Twitty’s Creek Solar, a 134-acre, 15-megawatt installation along Highway 59, is the first solar project operating in Charlotte County, Va. Credit... Melissa Lyttle for The New York Times
Mr. Popkin is an independent journalist who writes about science and the environment. He has written extensively about threats to trees and forests.
CHARLOTTE COURT HOUSE, Va. — In Charlotte County, population 11,448, forests and farms slope gently toward pretty little streams. The Roanoke River, whose floodplain includes one of the most ecologically valuable and intact forests in the Mid-Atlantic, forms the county’s southwestern border.
On a recent driving tour, a local conservationist, P.K. Pettus, told me she’s already grieving the eventual loss of much of this beautiful landscape. The Randolph Solar Project, a 4,500-acre project that will take out some 3,500 acres of forest during construction, was approved in July to join at least five other solar farms built or planned here thanks to several huge transmission lines that crisscross the county. When built, it will become one of the largest solar installations east of the Rocky Mountains. Although she is all for clean energy, Ms. Pettus opposed the project’s immense size, fearing it will destroy forests, disrupt soil and pollute streams and rivers in the place she calls home.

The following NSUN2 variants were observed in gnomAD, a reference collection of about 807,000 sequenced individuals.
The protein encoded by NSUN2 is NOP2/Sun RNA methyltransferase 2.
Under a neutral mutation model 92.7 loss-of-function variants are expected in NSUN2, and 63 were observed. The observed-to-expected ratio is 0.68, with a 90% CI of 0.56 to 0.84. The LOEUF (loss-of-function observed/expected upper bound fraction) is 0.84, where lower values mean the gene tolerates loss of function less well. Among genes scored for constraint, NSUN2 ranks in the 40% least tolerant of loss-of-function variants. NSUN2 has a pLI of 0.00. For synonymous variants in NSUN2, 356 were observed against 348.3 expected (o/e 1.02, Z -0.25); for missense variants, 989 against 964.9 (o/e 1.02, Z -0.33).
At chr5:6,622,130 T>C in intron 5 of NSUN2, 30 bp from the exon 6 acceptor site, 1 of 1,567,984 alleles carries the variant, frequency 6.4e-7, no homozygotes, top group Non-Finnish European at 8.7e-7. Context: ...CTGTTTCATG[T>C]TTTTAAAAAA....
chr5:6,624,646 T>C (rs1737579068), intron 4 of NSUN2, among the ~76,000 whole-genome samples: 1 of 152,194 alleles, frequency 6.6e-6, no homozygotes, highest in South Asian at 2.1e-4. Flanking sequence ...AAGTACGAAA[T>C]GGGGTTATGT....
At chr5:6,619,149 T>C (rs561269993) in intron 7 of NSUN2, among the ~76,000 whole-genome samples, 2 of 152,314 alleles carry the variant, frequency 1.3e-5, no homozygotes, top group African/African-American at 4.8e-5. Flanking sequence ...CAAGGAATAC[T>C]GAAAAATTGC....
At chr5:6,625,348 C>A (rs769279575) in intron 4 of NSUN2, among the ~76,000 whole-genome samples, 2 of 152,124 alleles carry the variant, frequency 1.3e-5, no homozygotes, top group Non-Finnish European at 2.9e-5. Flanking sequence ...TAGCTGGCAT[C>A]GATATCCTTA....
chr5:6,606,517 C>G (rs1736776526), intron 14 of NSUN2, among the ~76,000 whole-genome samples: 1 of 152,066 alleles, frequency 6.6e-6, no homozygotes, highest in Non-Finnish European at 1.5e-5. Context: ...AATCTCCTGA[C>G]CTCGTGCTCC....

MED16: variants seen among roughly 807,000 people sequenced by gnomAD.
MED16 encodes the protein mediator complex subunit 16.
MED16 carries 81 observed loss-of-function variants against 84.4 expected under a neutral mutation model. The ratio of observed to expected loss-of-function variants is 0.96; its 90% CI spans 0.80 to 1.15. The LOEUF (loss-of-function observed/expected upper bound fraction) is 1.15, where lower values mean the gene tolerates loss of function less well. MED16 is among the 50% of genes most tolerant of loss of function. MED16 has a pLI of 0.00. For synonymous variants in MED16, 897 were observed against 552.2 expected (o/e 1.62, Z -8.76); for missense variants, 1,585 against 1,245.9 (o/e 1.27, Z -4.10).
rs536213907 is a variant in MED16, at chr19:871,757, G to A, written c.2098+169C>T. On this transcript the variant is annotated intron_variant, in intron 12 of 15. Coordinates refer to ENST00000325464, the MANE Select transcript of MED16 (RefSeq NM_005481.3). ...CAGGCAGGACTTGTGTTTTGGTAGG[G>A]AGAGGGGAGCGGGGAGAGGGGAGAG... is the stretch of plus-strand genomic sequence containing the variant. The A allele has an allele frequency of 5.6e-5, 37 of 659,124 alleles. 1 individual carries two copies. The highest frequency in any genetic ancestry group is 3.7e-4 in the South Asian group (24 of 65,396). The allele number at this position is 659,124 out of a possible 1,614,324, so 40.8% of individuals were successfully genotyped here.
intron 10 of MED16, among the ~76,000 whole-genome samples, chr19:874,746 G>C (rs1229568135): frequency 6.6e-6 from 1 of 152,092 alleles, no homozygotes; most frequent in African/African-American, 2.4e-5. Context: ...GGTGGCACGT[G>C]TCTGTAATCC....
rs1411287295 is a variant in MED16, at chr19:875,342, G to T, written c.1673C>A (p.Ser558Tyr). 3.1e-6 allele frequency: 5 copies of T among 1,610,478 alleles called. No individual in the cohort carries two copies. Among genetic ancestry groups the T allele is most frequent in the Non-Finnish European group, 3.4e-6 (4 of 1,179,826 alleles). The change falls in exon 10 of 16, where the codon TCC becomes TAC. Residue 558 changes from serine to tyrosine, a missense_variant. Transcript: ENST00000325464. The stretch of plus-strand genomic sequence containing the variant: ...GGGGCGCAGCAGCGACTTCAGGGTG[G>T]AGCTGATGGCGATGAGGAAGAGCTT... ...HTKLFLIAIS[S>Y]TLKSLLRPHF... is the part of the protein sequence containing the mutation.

“I was so excited and hoped to see solar canopies over parking lots, solar panels on rooftops, solar panels on big box stores” after Virginia passed a 2020 law requiring the elimination of fossil fuels from its power sector by 2050, Ms. Pettus says. “I never dreamed it would involve so much deforestation and grading in a place I deeply care about.”